While waiting in the queue to get a coffee I overheard a young man regaling the story of how his aunt had fallen off the side of a mountain and died on impact. Not any old mountain, mind you. It was Snowdon, the highest in the UK. Hearing this made me feel sad. But then the chap perked up and said that she was 82, very fit and she died doing the thing she loved doing most, hiking. He then asked the lady serving him whether it was better to go quickly doing something you love or hang around and die in hospital of a slow and painful death. The woman looked at him sagely and said “oh yes, much better to go just like that, especially doing something you love… and not having all those tubes hanging out of you in hospital for weeks or months on end dying a slow and painful death.” To which he replied, “Yeah, she had a good life and she had lived to a ripe old age.” And on they continued, restating the virtue of a good death to somehow make them feel better about his sudden loss.
You could see he was quite shaken by the news and wanted to rationalize the terrible accident. Slipping off the edge of a mountain while trekking is surprisingly common. While it may result in an instant death, to the person who looses their footing it can be a terrifying few slo-mo seconds – not knowing what will happen at the end. Slip a few feet or a few hundred? Live or die? I wonder whether the aunt in question was looking forward to another 10 or even 20 active years of doing the things she enjoyed. If you can squeeze another chapter out of life then surely dying at 82 is just as tragic as dying at 22. The next day I read in the local paper about how a 92 year-old man had recently married an 81 year-old woman. The photo of the recently weds was touching – clearly they saw a future together.
When is the right time to go? Just as we have no control over when we are born we don’t know when we will die. The debate over whether people who have life threatening illnesses should have the right to decide they want to die through assisted suicide rumbles on. Last week it was voted out by the UK government. There are too many arguments stacked against helping people who want to die knowing they have a terminal illness compared with those for helping them. Some vulnerable people will feel pressurized by the state or their family to die earlier than they might want to – being a burden on society. Others lose their mental faculties to no longer be in a fit state to make such a decision. Life is precious no matter what. And so on. The moral high ground remains with the living.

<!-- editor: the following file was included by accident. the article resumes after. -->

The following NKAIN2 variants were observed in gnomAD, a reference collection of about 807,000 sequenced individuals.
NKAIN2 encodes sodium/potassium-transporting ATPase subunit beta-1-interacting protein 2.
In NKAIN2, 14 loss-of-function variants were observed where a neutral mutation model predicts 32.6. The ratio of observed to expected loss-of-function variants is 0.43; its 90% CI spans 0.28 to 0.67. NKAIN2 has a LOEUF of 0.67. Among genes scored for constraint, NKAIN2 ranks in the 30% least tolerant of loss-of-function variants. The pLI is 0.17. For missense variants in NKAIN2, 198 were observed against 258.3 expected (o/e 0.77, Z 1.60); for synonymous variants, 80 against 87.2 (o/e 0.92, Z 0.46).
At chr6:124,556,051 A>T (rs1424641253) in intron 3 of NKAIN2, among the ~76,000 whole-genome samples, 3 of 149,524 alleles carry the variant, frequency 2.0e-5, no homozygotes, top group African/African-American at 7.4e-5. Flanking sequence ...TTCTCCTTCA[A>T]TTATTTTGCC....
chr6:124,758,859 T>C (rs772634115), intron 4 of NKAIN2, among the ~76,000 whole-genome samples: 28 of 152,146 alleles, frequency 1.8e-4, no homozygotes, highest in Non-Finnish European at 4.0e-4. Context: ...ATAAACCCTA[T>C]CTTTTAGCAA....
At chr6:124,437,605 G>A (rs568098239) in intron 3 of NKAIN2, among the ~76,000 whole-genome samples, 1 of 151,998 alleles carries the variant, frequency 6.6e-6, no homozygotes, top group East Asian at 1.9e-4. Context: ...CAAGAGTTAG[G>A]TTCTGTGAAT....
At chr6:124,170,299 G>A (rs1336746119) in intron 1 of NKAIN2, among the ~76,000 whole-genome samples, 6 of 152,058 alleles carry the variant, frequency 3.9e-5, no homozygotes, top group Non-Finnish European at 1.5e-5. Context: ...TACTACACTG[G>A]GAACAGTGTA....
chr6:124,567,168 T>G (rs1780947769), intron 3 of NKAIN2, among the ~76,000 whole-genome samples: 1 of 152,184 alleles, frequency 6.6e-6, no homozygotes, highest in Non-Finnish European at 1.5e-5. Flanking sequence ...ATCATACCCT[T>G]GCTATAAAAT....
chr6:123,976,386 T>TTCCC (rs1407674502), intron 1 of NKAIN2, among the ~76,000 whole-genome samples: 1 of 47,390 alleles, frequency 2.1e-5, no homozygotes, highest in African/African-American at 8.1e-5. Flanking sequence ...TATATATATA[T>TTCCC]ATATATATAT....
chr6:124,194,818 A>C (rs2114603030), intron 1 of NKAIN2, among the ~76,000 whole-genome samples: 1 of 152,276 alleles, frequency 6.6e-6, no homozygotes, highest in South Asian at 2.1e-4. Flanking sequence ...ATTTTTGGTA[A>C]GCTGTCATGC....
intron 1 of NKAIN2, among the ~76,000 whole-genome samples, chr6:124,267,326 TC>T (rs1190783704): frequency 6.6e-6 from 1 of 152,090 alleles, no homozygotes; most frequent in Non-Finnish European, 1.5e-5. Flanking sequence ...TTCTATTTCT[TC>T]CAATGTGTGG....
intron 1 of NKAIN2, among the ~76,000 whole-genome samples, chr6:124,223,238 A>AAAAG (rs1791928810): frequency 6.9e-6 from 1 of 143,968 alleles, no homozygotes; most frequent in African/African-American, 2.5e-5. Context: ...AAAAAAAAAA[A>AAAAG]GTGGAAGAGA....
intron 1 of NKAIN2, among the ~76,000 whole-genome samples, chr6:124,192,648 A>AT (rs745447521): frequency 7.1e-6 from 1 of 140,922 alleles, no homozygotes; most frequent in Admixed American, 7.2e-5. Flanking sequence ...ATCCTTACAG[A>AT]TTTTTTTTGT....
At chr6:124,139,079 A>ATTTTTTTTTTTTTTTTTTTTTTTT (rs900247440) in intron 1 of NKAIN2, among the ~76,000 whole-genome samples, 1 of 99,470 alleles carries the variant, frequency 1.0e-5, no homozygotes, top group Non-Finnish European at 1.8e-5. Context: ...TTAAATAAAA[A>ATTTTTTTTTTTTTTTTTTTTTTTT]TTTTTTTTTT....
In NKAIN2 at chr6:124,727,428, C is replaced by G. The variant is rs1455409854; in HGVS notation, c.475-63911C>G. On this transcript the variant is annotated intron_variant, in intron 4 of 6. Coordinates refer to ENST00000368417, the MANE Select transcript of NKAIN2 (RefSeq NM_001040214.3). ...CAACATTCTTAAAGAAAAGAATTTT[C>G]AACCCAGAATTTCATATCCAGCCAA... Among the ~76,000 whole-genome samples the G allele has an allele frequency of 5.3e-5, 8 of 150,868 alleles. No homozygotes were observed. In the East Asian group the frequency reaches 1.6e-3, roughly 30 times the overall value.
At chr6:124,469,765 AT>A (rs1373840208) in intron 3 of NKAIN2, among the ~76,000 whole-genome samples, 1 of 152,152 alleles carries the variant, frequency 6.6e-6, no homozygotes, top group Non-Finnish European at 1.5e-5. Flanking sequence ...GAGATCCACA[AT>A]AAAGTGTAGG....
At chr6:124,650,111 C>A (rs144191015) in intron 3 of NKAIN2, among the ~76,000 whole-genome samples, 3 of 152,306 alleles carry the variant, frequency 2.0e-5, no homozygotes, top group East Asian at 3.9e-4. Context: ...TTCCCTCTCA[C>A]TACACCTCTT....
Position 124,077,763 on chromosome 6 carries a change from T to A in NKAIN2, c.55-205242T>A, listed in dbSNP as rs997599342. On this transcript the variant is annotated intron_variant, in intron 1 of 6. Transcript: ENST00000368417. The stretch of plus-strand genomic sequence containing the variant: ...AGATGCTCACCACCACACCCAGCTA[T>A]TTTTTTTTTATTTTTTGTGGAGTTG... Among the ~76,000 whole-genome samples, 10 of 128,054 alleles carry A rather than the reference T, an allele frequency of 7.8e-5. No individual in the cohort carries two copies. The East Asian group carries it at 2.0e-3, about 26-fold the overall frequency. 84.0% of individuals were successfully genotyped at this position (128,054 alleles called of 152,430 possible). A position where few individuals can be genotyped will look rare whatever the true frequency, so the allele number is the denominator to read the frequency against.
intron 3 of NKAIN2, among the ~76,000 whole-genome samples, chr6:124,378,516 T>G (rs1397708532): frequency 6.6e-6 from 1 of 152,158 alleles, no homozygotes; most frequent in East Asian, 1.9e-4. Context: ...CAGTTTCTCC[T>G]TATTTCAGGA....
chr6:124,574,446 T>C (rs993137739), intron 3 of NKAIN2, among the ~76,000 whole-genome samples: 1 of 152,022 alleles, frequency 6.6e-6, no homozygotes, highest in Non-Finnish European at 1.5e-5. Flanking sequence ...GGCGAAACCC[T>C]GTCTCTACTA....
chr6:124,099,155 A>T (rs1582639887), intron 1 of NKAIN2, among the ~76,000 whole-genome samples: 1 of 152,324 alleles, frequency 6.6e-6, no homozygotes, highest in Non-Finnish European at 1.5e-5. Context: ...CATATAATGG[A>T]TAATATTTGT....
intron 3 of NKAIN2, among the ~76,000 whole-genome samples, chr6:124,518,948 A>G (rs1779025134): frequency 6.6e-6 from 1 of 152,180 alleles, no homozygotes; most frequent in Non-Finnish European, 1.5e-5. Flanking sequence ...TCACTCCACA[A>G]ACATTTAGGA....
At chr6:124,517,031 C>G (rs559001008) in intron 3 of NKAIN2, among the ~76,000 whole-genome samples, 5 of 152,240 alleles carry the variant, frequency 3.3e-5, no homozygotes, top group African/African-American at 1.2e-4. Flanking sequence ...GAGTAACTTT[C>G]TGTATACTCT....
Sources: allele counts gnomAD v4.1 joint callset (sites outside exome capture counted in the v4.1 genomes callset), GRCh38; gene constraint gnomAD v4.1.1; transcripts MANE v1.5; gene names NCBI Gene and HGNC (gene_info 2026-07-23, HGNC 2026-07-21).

My dad died of Alzheimers a couple of years ago. It was a long and painful time for him, especially in the later stages. In the early stages he tried to talk to the family about wanting to die early through assisted suicide. The family would not hear of it. I was more sympathetic, knowing my dad and observing the devastating deterioration in the quality of his life. Up until his mid 70s he was as fit as a fiddle climbing mountains, like Snowdon, when ever he could. For a long time, as the illness took away his faculties, his personality and his raise d’etre, he would cry repeatedly, when we visited him, that he wanted to die. It took many more years before his body finally gave up. The last few days watching him literally starve to death after he had had multiple seizures and was no longer conscious was harrowing.
I have enormous respect for people who have dementia or terminal cancer, who have made the brave and measured decision to travel to Switzerland with their partners or family, to die in dignity rather than go through such an ordeal.
Meanwhile, on the news today, research reported in the Lancet mentioned how placing notices for how to get help from the Samaritans at the end of railway platforms or putting thorn bushes at the edge of well known hotspots can act as highly effective preventative barriers – often just enough to make suicidal people stop and reconsider. In that moment they can come to their senses and seek help, often enough to move them from the brink. For example, in one study in the UK and Hong Kong, it was found that the number of people taking their own life dropped by over 50% after these kinds of simple interventions were introduced. In another study it was over 90%. Clearly, the motives for attempted suicide are different from assisted suicide. The period of a suicidal crisis, where a person becomes obsessed by the need to die for whatever reasons, can be broken. A bush, a safety net or a stranger simply asking someone if they are OK can break the trance. It is a cry for help and when they have to stop and think it can be enough for them to reconsider.